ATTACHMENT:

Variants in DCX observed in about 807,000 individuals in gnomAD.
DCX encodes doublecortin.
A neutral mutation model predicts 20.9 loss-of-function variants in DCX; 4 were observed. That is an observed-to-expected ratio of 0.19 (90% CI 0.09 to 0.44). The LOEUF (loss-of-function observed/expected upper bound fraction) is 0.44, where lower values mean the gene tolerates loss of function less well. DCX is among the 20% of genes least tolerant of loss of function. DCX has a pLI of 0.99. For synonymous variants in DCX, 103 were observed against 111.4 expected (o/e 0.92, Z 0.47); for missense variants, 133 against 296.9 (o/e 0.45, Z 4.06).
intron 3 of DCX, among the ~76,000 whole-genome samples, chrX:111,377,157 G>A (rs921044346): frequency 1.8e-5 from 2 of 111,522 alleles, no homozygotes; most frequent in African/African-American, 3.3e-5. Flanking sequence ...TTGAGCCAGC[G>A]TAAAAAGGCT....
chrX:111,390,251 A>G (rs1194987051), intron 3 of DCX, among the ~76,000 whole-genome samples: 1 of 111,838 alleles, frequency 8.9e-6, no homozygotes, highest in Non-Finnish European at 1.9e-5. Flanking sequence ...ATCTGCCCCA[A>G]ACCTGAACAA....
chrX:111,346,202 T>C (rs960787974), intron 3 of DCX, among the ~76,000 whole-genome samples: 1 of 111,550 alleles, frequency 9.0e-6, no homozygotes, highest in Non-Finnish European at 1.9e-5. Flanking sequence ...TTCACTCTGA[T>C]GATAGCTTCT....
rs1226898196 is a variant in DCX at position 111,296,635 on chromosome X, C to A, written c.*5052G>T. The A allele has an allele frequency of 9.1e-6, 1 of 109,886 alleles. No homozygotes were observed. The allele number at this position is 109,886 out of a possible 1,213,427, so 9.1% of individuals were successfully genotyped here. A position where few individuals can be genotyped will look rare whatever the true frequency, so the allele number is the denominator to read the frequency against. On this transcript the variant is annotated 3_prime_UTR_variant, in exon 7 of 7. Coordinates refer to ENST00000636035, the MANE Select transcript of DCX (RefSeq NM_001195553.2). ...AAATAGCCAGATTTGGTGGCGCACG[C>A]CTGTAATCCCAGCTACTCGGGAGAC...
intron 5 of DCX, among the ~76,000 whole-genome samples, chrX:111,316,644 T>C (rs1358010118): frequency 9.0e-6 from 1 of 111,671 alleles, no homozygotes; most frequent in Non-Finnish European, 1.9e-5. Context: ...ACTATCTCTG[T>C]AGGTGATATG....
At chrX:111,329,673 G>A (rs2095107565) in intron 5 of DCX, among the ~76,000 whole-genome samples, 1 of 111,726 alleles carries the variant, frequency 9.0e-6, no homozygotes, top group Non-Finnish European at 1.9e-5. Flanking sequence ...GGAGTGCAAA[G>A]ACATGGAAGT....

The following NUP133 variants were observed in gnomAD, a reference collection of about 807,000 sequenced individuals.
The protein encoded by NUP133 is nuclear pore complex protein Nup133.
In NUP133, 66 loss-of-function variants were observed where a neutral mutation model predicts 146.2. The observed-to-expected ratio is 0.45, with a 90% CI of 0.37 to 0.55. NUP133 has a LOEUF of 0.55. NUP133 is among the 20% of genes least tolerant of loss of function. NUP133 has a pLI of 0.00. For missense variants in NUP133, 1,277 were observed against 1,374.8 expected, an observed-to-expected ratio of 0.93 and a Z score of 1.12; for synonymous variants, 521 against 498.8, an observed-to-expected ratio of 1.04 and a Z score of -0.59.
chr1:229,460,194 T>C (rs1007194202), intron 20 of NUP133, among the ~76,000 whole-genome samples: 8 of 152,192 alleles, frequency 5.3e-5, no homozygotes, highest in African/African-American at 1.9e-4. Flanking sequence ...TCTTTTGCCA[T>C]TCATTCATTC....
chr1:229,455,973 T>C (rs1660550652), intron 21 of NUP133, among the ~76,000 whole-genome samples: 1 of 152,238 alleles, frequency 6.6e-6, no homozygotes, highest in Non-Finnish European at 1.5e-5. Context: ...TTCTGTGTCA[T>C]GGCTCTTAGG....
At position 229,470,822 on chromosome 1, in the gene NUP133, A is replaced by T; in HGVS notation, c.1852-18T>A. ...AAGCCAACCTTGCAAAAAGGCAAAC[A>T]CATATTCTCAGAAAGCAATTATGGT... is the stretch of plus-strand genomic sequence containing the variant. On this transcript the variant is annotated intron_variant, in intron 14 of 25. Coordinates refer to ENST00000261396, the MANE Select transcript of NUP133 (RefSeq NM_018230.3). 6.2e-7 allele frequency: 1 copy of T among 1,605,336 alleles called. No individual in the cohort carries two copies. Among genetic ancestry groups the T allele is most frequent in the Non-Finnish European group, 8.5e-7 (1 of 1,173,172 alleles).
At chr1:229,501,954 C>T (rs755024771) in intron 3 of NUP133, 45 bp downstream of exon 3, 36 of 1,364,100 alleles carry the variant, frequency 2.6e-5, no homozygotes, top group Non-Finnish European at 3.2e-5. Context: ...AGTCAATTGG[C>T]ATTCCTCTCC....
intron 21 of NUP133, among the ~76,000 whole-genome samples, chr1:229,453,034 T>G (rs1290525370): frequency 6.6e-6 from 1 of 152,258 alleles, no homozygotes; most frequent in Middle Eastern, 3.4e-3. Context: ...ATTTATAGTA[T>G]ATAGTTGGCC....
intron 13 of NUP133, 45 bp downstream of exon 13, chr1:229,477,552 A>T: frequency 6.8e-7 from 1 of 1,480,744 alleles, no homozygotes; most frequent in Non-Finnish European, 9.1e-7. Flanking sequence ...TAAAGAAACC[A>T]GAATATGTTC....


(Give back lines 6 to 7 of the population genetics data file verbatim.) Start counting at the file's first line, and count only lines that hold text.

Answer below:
chrX:111,346,202 T>C (rs960787974), intron 3 of DCX, among the ~76,000 whole-genome samples: 1 of 111,550 alleles, frequency 9.0e-6, no homozygotes, highest in Non-Finnish European at 1.9e-5. Flanking sequence ...TTCACTCTGA[T>C]GATAGCTTCT....
rs1226898196 is a variant in DCX at position 111,296,635 on chromosome X, C to A, written c.*5052G>T. The A allele has an allele frequency of 9.1e-6, 1 of 109,886 alleles. No homozygotes were observed. The allele number at this position is 109,886 out of a possible 1,213,427, so 9.1% of individuals were successfully genotyped here. A position where few individuals can be genotyped will look rare whatever the true frequency, so the allele number is the denominator to read the frequency against. On this transcript the variant is annotated 3_prime_UTR_variant, in exon 7 of 7. Coordinates refer to ENST00000636035, the MANE Select transcript of DCX (RefSeq NM_001195553.2). ...AAATAGCCAGATTTGGTGGCGCACG[C>A]CTGTAATCCCAGCTACTCGGGAGAC...